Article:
UK banks may need to begin preparations for the introduction of the European single currency in advance of any referendum ordered by the British government, according to a new report published by banking trade groups.
The report, published by the British Bankers Association and the Association for Payment Clearing Services (Apacs), says that banks would require as much as three years advance warning to lay the groundwork for the introduction of euro notes and coins. The government has stipulated that euro cash should be circulating within two and a half years of any referendum, raising the prospect of banks starting work on the switch before the public votes on the issue.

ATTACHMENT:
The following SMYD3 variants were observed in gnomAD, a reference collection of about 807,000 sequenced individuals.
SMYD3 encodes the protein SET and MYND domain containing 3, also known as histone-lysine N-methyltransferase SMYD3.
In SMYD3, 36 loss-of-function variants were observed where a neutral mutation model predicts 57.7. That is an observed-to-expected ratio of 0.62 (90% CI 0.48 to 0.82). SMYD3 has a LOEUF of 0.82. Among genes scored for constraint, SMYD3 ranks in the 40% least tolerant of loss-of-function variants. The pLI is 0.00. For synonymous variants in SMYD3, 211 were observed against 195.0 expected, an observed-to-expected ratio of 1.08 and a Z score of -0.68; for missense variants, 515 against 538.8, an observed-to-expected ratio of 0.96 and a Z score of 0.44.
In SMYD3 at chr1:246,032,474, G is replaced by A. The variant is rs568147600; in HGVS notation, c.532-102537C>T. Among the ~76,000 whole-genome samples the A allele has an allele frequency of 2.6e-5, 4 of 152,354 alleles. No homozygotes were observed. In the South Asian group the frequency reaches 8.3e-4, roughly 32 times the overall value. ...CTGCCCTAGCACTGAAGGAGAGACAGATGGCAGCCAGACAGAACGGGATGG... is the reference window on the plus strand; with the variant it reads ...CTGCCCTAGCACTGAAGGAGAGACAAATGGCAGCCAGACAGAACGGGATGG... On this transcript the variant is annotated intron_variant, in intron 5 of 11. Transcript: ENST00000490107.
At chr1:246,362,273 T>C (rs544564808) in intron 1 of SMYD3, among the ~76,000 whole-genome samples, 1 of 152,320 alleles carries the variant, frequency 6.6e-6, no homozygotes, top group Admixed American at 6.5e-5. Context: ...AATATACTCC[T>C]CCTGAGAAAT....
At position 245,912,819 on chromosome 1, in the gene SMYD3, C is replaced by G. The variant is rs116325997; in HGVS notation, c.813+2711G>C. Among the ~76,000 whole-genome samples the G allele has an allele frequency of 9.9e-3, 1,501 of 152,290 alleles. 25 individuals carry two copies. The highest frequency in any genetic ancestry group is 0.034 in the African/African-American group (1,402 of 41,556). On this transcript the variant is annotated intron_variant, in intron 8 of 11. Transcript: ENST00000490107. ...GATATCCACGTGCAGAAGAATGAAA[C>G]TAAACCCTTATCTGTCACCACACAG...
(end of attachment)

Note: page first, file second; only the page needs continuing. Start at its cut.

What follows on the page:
Chris Pearson, chief executive of Apacs says: "The timetable proposed by HM Treasury would be extremely challenging for the banking industry and we believe that it is necessary to address some of the key preparatory issues now."
Describing entry to the single currency as "the most wide ranging and challenging task ever faced by the UK banking industry", the blueprint concludes that a period of 2 years would be required between a Government decision to proceed with UK entry and when the banks' retail systems could be made ready. A further period of between 10 and 14 months would be required before notes and coin could be introduced, states the document.
The BBA estimates the cost of the transition to the UK banking sector at approximately £1 billion. It fears that banks could lose millions if voters reject the euro.
Ian Mullen, chief executive of the BBA says: "A significant amount of preparatory work has now been done. However, no significant investment is being made by the banking industry in advance of a Government decision to proceed with UK entry."